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Dutch food prices soar as economy weakens

Economists no longer expect an “impressive recovery” and blame high inflation for weak performance

Food prices in the Netherlands have jumped by 15.7% in November compared to last year, data shared on Thursday by Statistics Netherlands (CBS) shows.

The consumer price index (CPI) was 9.9% up in November from the same month last year. Experts point out that bread, cereals, meat and dairy products in particular have contributed to the price increase.

According to the European harmonized consumer price index (HICP), services and consumer goods in the country were 11.3% more expensive in November than in the same period in 2021.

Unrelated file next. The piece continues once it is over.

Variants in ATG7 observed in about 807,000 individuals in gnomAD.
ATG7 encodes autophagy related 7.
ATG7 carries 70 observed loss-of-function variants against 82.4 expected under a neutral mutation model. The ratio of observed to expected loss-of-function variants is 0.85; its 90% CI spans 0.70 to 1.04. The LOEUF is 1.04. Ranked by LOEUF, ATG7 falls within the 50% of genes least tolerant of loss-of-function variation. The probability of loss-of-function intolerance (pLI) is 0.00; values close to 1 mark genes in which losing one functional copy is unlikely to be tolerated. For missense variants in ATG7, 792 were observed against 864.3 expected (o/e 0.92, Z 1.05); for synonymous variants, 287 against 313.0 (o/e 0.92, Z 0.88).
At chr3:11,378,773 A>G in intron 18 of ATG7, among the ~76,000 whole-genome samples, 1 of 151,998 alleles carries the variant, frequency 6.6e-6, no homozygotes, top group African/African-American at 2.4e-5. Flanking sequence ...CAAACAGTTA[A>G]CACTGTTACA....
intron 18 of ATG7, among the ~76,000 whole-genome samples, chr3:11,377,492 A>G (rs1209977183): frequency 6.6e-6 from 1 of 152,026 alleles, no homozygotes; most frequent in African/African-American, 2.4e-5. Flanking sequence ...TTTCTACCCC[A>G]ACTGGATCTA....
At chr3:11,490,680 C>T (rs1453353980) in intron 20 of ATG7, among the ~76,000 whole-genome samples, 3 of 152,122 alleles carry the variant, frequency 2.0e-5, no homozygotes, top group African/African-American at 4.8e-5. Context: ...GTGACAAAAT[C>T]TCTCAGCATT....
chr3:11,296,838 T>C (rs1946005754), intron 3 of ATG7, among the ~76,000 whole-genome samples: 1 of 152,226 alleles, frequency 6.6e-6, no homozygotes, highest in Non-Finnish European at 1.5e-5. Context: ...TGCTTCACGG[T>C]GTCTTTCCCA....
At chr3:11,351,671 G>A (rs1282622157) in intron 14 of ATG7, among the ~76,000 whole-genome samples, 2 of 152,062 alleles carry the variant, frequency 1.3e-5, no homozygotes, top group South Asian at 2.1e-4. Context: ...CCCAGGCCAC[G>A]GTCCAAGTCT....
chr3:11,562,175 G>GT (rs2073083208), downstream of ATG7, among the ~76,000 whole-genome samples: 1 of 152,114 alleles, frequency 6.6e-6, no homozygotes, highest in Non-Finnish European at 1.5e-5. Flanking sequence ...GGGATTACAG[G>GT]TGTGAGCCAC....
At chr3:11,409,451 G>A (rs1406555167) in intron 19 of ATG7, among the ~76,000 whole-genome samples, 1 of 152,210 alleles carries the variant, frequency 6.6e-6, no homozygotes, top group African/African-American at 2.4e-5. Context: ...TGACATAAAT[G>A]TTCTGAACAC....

In its latest quarterly report released on Monday, Dutch financial services company Rabobank downgraded its estimates of an “impressive recovery” from the Covid pandemic after growth stalled in the third quarter, and has said the country’s economy will “barely” grow in the coming years.

READ MORE: British farmers warn of food supply crisis

Rabobank economist Nic Vrieselaar noted that the Dutch economy had reached its limits this year and pointed to “staff and equipment shortages everywhere.” Production capacity is also strained by surging energy prices leaving no room for growth, according to the report.

“High inflation and increased rates are putting pressure on consumer and business spending,” he added.


After this year’s expected growth of 4.2% analysts predict weak performance for the Dutch economy, with just a 0.6% advance next year, and are forecasting a 1% GDP increase in 2024.

For more stories on economy & finance visit RT’s business section

December 11, 2022 at 11:01AM


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